The Many Dimensions of George Washington Carver, the "Wise and Affable Peanut Guy"
Along a shallow creek in the woods of rural southwest Missouri sits a bronze statue resting atop a large limestone rock. It’s of a young boy, who sits upright, shirtless, with his right hand resting upon his knee, his left supporting a small plant.
The nine-foot high sculpture pays homage to George Washington Carver, who was born a slave on this land, the Moses and Susan Carver farm, in 1864.
“He’s often seen in kind of this one-dimensional way as the wise and affable peanut guy and his 300 uses of the peanut. The real Carver is much more multi-dimensional.”
That’s Jim Heaney, superintendent of the George Washington Carver National Monument in Diamond, Missouri.
“Sure he was a scientist. But he also promoted racial tolerance, racial reconciliation. He was an artist, he was a musician, he was very much interested in the performing arts,” he said.
Haney says to understand the full story and success of Carver you need to know his struggle.
Carver’s birth came in the latter stages of the Civil War, as guerilla tactics were intensifying along the Missouri-Kansas boarder. He never knew his father, and his relationship with his mother was short lived. The two were kidnapped by outlaws when Carver was just an infant. His mother was never found. Carver was located in Arkansas and returned to his owners, nearly dead from whooping cough. His frail health freed him from many daily chores, offering time to explore. The outdoors would become Carver’s first classroom, according to park ranger and tour guide Emily DeLanzo.
The real Carver is much more multi-dimensional - Jim Heaney.
“This is where George fell in love with learning and developed this extreme curiosity about the natural world,” says DeLanzo.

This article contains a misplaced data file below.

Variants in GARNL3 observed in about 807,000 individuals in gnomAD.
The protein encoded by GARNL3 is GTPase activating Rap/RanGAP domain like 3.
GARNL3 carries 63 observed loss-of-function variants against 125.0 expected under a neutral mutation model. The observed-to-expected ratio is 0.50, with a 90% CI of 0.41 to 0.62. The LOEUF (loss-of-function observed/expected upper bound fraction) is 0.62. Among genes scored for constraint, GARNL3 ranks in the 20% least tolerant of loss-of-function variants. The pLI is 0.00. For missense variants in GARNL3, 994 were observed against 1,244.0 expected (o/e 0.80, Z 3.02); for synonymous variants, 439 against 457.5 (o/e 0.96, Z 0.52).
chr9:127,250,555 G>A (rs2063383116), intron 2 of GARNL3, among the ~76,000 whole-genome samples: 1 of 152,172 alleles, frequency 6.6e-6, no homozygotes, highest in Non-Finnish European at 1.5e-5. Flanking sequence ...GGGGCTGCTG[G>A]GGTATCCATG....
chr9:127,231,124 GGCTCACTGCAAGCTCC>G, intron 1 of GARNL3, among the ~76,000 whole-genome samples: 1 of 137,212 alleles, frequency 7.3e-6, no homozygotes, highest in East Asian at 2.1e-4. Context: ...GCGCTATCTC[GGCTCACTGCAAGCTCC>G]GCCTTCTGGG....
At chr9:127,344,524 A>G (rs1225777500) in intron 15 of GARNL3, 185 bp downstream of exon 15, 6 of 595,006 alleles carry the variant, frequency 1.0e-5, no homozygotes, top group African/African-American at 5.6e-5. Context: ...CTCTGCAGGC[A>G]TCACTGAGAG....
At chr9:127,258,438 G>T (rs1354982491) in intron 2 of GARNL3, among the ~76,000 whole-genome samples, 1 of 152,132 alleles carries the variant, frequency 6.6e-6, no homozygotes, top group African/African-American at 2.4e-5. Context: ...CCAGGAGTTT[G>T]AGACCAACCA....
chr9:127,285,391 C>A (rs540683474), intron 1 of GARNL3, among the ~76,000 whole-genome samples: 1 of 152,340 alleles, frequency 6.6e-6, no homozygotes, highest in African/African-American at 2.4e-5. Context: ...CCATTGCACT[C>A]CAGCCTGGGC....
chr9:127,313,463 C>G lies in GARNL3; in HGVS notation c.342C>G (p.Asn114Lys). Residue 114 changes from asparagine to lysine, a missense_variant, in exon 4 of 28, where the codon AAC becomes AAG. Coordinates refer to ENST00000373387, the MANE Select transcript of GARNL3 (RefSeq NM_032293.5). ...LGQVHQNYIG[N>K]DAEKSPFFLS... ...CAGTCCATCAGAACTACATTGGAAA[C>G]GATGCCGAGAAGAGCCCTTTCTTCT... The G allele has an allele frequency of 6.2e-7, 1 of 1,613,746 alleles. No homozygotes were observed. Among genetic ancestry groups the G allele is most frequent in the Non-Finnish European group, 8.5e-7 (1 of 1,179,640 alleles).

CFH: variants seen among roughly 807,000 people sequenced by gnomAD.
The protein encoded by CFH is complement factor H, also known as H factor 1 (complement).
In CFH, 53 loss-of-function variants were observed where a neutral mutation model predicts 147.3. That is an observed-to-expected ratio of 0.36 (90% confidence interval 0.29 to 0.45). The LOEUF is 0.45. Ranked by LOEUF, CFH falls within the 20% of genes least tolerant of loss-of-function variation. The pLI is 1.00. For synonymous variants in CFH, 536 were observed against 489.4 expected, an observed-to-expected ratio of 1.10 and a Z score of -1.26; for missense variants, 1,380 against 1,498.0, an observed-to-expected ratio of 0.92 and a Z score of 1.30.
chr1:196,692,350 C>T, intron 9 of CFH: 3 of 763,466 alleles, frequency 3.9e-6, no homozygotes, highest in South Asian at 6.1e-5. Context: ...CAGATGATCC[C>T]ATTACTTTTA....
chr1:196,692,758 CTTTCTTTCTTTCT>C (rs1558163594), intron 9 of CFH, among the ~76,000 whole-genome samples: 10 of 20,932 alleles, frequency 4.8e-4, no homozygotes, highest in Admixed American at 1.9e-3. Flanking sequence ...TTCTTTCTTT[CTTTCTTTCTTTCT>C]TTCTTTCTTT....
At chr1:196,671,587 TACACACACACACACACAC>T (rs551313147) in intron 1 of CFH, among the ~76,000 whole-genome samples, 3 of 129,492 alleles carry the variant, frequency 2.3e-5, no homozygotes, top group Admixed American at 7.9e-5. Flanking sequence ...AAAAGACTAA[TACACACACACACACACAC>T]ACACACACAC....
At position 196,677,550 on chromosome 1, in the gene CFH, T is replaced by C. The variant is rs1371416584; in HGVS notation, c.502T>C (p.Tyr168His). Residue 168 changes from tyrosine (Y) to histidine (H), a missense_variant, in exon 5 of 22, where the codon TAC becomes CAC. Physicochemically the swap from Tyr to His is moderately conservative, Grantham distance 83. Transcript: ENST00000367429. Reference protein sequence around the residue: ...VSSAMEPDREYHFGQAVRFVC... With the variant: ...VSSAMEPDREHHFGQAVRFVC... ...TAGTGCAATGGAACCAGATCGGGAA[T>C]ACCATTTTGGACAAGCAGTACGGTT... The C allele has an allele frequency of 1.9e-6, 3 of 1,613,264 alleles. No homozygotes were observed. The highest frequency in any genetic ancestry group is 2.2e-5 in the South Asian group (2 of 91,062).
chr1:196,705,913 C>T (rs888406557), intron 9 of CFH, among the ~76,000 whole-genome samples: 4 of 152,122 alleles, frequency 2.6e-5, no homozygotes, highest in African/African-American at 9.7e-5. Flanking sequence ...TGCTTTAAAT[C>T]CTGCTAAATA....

George Washington Carver National Monument is a roughly 210 acre complex that includes a one-mile, self-guided loop that takes you past his birthplace site, the Boy Carver Statue, across the creek where the young Carver used to fetch water, and along a tallgrass prairie restoration area.
Inside the Visitors Center is a museum, which Heaney describes as he guides me through the building.
“This is where kids can connect to Carver in 19th Century education. Next door, [you see] extensive exhibits interpreting not just Carver’s life but also African American history.”
We then enter a science lab.
“This is really the highlight for the school groups. We have a lab kind of roughly based on the lab at Tuskegee that Carver worked in and this is where the kids do scientific experiments related to Carver. The most popular activity is they make peanut milk.”
There’s also an educational film, bookstore, and various artworks depicting the famous scientist.
“You get a real good sense of the Carver’s spirit here and his communion with nature as a child,” says Heaney. “How he became known as the plant doctor and how this place kind of cultivated his curiosity and set him on the road to become what he eventually became.”
What he became wasn’t just a scientist, but a humanitarian and teacher, among other roles and characteristics. After attending high school in Kansas and college in Iowa, Carver made his career studying at the Tuskegee Institute in Alabama, a renowned school for African Americans.